Panamerican Journal of Trauma, Critical Care & Emergency Surgery

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VOLUME 13 , ISSUE 1 ( January-April, 2024 ) > List of Articles


Regionalization of Hospital-based Violence Intervention Programs: One Trauma Center Cannot Do It Alone

Michel B Aboutanos, Kelly E O Connor, Ashley F Xavier, Rachelle Hunley, Amy Vincent, Jay N Collins, Elizabeth Gilmore, Valeria Mitchell, Meredith M Noha, Carol Olson, Bonnie Price, Beth Broering, Kelly Cannon, Nicholas D Thomson

Keywords : Hospital-based violence intervention program, Intervention, Prevention, Regionalization, Violence

Citation Information : Aboutanos MB, O Connor KE, Xavier AF, Hunley R, Vincent A, Collins JN, Gilmore E, Mitchell V, Noha MM, Olson C, Price B, Broering B, Cannon K, Thomson ND. Regionalization of Hospital-based Violence Intervention Programs: One Trauma Center Cannot Do It Alone. Panam J Trauma Crit Care Emerg Surg 2024; 13 (1):21-28.

DOI: 10.5005/jp-journals-10030-1446

License: CC BY-NC 4.0

Published Online: 30-04-2024

Copyright Statement:  Copyright © 2024; The Author(s).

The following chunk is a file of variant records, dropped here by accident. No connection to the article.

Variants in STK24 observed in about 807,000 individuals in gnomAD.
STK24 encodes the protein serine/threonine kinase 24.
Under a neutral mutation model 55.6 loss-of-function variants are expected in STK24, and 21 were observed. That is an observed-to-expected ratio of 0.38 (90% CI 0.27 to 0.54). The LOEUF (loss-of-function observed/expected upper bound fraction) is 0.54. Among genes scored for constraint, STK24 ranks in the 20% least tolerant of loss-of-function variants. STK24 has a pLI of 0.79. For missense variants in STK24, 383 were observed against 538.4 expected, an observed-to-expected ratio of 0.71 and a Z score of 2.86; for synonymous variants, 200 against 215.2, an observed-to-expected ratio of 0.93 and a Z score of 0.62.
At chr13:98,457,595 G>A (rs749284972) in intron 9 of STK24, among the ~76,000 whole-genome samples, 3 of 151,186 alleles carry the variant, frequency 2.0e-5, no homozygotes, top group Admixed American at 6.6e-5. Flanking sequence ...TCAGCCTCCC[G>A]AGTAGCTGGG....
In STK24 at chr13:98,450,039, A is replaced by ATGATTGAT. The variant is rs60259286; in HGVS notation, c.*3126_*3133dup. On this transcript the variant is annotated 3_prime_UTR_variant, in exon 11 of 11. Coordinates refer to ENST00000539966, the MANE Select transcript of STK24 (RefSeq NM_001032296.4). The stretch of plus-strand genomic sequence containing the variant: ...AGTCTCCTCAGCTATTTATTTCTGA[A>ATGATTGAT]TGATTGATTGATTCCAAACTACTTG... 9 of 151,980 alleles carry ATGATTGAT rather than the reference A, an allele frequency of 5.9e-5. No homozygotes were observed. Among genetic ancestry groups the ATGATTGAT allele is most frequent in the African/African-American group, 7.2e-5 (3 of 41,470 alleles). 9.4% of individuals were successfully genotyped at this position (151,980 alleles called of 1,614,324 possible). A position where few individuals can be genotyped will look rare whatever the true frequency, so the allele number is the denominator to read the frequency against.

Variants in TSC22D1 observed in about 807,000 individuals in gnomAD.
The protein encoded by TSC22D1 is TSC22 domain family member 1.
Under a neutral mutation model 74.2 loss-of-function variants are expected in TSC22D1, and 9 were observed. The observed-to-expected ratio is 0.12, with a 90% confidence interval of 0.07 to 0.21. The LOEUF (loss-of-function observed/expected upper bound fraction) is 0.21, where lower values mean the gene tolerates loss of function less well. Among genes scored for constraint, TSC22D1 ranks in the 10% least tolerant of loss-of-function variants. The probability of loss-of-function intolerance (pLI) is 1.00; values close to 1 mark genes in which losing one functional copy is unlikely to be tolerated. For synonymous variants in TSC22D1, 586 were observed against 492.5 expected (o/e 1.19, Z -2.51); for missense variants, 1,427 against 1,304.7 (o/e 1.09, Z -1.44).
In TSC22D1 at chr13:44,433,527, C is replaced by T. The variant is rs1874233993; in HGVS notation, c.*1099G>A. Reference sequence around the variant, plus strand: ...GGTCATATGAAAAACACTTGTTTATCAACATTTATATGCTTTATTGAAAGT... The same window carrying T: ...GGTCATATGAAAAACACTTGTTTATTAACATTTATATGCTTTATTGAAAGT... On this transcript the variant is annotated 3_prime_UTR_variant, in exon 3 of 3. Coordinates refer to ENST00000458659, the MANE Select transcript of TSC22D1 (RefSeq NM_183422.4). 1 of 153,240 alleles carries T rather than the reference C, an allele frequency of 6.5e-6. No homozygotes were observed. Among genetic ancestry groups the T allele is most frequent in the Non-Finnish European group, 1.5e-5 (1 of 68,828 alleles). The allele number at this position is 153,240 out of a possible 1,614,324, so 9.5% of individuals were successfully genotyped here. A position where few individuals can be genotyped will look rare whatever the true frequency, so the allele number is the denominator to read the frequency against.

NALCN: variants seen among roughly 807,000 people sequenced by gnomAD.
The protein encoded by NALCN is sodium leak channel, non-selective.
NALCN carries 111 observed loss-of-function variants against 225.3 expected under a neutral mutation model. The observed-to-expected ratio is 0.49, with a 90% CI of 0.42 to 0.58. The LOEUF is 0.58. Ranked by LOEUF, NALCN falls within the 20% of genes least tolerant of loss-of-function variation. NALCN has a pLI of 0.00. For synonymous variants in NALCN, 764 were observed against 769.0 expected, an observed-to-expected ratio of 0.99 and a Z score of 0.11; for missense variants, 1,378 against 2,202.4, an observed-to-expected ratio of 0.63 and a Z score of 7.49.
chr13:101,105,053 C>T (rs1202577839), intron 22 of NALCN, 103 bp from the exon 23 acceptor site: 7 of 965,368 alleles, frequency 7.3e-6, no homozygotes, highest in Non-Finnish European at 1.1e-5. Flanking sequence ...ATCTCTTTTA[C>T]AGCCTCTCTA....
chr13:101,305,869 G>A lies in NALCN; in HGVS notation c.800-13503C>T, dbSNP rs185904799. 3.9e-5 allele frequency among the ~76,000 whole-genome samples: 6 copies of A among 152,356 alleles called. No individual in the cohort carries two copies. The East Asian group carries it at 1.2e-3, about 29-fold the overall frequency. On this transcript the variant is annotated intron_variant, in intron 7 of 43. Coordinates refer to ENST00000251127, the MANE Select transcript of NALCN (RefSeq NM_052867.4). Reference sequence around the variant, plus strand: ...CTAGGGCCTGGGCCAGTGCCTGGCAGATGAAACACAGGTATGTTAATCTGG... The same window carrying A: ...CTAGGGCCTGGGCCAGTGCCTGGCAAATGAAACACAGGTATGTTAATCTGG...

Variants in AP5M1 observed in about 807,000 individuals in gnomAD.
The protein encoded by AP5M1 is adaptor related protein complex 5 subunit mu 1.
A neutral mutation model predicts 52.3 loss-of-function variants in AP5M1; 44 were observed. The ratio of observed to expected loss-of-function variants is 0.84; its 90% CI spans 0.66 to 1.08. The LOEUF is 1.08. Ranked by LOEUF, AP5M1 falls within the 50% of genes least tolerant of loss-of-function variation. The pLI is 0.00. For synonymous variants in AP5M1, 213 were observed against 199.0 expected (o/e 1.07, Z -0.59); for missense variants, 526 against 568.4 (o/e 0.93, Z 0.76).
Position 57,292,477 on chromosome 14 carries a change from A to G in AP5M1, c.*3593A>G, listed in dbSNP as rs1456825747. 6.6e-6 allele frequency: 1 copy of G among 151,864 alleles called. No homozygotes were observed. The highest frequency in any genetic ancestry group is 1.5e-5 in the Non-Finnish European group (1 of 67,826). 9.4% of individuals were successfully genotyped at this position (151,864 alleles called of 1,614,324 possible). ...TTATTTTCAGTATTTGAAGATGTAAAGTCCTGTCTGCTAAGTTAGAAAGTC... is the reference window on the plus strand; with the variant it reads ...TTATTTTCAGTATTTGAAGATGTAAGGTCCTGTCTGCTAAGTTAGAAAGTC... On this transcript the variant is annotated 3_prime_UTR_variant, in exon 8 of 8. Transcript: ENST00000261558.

Aims and background: Intentional violence is a public health crisis requiring an urgent and innovative response. Prior to 2019, there was only one hospital-based violence intervention program (HVIP) in Virginia. The rise in gun violence in recent years underscored the urgent need to expand beyond a one-center approach into a regional approach to violence through a network of HVIPs. This study notes the early feasibility and implementation of the regionalization of HVIPs across competing health systems. Materials and methods: In collaboration with several partners, an evidence-based HVIP program led a technical assistance center (TAC) and conducted site visits across nine facilities in three health systems. This was followed by a systematic, combined, regional-based approach to HVIP development. Data from each facility were collected prospectively, with point-of-care feedback given during site visits and weekly coaching sessions. Results: Between July 2019 and June 2021, program development support from TAC included six collective seminars, 151 coaching sessions, and 67 weekly meetings with program faculty and stakeholders. HVIPs were established in nine facilities during this time, and 2,259 patients were enrolled. Over half of patients were African American (64%) and between the ages 18 and 59 (77%). Around 60 and 17% were secondary to assault and domestic violence (DV), respectively. The most common services used were information and referrals (100%) and emotional support and/or safety planning (72%). Conclusion and clinical significance: The use of a well-established HVIP as a TAC could serve as an effective model for regionalization of violence intervention efforts, which is the next logical step in mitigating the impact of violence.

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